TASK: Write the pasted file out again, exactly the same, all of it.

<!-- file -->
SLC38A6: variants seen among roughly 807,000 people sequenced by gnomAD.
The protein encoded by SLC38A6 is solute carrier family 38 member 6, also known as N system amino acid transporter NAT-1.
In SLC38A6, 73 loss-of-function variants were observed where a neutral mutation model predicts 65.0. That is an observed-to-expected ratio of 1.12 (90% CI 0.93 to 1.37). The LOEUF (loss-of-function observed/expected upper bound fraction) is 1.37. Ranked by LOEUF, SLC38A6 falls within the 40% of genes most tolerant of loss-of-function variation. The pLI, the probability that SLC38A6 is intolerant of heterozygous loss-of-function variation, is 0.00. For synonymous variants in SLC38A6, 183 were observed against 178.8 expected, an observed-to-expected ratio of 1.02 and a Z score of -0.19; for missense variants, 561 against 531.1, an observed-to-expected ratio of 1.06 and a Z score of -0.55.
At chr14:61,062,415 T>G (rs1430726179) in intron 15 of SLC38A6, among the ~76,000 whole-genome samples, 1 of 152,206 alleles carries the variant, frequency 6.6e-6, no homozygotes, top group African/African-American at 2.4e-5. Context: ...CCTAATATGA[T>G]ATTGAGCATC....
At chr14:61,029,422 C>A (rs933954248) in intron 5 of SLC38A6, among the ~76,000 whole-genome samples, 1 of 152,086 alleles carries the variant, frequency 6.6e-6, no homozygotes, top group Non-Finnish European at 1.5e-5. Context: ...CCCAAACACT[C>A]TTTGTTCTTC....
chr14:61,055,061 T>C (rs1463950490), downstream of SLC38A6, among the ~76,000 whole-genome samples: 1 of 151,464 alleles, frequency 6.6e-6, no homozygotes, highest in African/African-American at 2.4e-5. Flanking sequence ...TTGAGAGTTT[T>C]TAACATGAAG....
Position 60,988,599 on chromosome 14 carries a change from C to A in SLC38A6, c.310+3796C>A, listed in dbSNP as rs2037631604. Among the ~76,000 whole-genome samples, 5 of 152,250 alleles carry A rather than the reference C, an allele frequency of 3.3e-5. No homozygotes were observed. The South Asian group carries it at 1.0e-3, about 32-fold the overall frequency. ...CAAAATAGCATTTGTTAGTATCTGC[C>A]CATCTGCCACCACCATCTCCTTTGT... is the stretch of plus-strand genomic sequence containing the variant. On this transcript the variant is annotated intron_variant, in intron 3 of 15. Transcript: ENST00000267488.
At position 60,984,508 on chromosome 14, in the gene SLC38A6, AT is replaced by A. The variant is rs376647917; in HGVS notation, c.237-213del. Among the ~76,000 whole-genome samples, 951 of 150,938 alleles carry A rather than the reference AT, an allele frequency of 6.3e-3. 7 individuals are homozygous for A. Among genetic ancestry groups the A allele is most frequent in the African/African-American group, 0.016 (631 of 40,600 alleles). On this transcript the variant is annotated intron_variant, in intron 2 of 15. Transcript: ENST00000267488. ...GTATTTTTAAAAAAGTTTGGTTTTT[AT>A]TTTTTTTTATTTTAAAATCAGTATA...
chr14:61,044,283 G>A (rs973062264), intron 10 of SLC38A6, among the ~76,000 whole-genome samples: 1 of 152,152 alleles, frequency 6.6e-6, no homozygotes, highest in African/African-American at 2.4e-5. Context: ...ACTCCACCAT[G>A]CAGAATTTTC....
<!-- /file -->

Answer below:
SLC38A6: variants seen among roughly 807,000 people sequenced by gnomAD.
The protein encoded by SLC38A6 is solute carrier family 38 member 6, also known as N system amino acid transporter NAT-1.
In SLC38A6, 73 loss-of-function variants were observed where a neutral mutation model predicts 65.0. That is an observed-to-expected ratio of 1.12 (90% CI 0.93 to 1.37). The LOEUF (loss-of-function observed/expected upper bound fraction) is 1.37. Ranked by LOEUF, SLC38A6 falls within the 40% of genes most tolerant of loss-of-function variation. The pLI, the probability that SLC38A6 is intolerant of heterozygous loss-of-function variation, is 0.00. For synonymous variants in SLC38A6, 183 were observed against 178.8 expected, an observed-to-expected ratio of 1.02 and a Z score of -0.19; for missense variants, 561 against 531.1, an observed-to-expected ratio of 1.06 and a Z score of -0.55.
At chr14:61,062,415 T>G (rs1430726179) in intron 15 of SLC38A6, among the ~76,000 whole-genome samples, 1 of 152,206 alleles carries the variant, frequency 6.6e-6, no homozygotes, top group African/African-American at 2.4e-5. Context: ...CCTAATATGA[T>G]ATTGAGCATC....
At chr14:61,029,422 C>A (rs933954248) in intron 5 of SLC38A6, among the ~76,000 whole-genome samples, 1 of 152,086 alleles carries the variant, frequency 6.6e-6, no homozygotes, top group Non-Finnish European at 1.5e-5. Context: ...CCCAAACACT[C>A]TTTGTTCTTC....
chr14:61,055,061 T>C (rs1463950490), downstream of SLC38A6, among the ~76,000 whole-genome samples: 1 of 151,464 alleles, frequency 6.6e-6, no homozygotes, highest in African/African-American at 2.4e-5. Flanking sequence ...TTGAGAGTTT[T>C]TAACATGAAG....
Position 60,988,599 on chromosome 14 carries a change from C to A in SLC38A6, c.310+3796C>A, listed in dbSNP as rs2037631604. Among the ~76,000 whole-genome samples, 5 of 152,250 alleles carry A rather than the reference C, an allele frequency of 3.3e-5. No homozygotes were observed. The South Asian group carries it at 1.0e-3, about 32-fold the overall frequency. ...CAAAATAGCATTTGTTAGTATCTGC[C>A]CATCTGCCACCACCATCTCCTTTGT... is the stretch of plus-strand genomic sequence containing the variant. On this transcript the variant is annotated intron_variant, in intron 3 of 15. Transcript: ENST00000267488.
At position 60,984,508 on chromosome 14, in the gene SLC38A6, AT is replaced by A. The variant is rs376647917; in HGVS notation, c.237-213del. Among the ~76,000 whole-genome samples, 951 of 150,938 alleles carry A rather than the reference AT, an allele frequency of 6.3e-3. 7 individuals are homozygous for A. Among genetic ancestry groups the A allele is most frequent in the African/African-American group, 0.016 (631 of 40,600 alleles). On this transcript the variant is annotated intron_variant, in intron 2 of 15. Transcript: ENST00000267488. ...GTATTTTTAAAAAAGTTTGGTTTTT[AT>A]TTTTTTTTATTTTAAAATCAGTATA...
chr14:61,044,283 G>A (rs973062264), intron 10 of SLC38A6, among the ~76,000 whole-genome samples: 1 of 152,152 alleles, frequency 6.6e-6, no homozygotes, highest in African/African-American at 2.4e-5. Context: ...ACTCCACCAT[G>A]CAGAATTTTC....